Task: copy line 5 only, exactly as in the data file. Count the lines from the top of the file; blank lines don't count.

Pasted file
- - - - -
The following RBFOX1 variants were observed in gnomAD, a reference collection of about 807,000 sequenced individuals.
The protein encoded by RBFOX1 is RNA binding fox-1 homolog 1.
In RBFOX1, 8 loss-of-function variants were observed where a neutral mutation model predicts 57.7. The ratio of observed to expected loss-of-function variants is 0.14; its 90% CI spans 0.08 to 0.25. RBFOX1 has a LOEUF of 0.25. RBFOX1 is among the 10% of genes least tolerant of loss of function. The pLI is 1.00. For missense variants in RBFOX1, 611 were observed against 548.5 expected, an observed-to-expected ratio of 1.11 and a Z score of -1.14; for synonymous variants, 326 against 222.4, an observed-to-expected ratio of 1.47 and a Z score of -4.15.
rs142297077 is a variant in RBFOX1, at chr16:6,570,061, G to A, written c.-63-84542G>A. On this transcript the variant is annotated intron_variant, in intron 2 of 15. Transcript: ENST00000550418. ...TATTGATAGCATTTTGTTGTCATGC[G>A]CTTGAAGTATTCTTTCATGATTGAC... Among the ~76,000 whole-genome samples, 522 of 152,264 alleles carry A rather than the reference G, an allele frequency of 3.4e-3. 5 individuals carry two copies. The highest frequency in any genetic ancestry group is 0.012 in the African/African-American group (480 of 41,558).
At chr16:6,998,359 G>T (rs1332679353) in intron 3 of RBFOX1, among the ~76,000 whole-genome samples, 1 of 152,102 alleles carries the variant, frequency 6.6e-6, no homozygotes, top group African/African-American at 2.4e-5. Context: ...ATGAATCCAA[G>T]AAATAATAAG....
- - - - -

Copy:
At chr16:6,998,359 G>T (rs1332679353) in intron 3 of RBFOX1, among the ~76,000 whole-genome samples, 1 of 152,102 alleles carries the variant, frequency 6.6e-6, no homozygotes, top group African/African-American at 2.4e-5. Context: ...ATGAATCCAA[G>T]AAATAATAAG....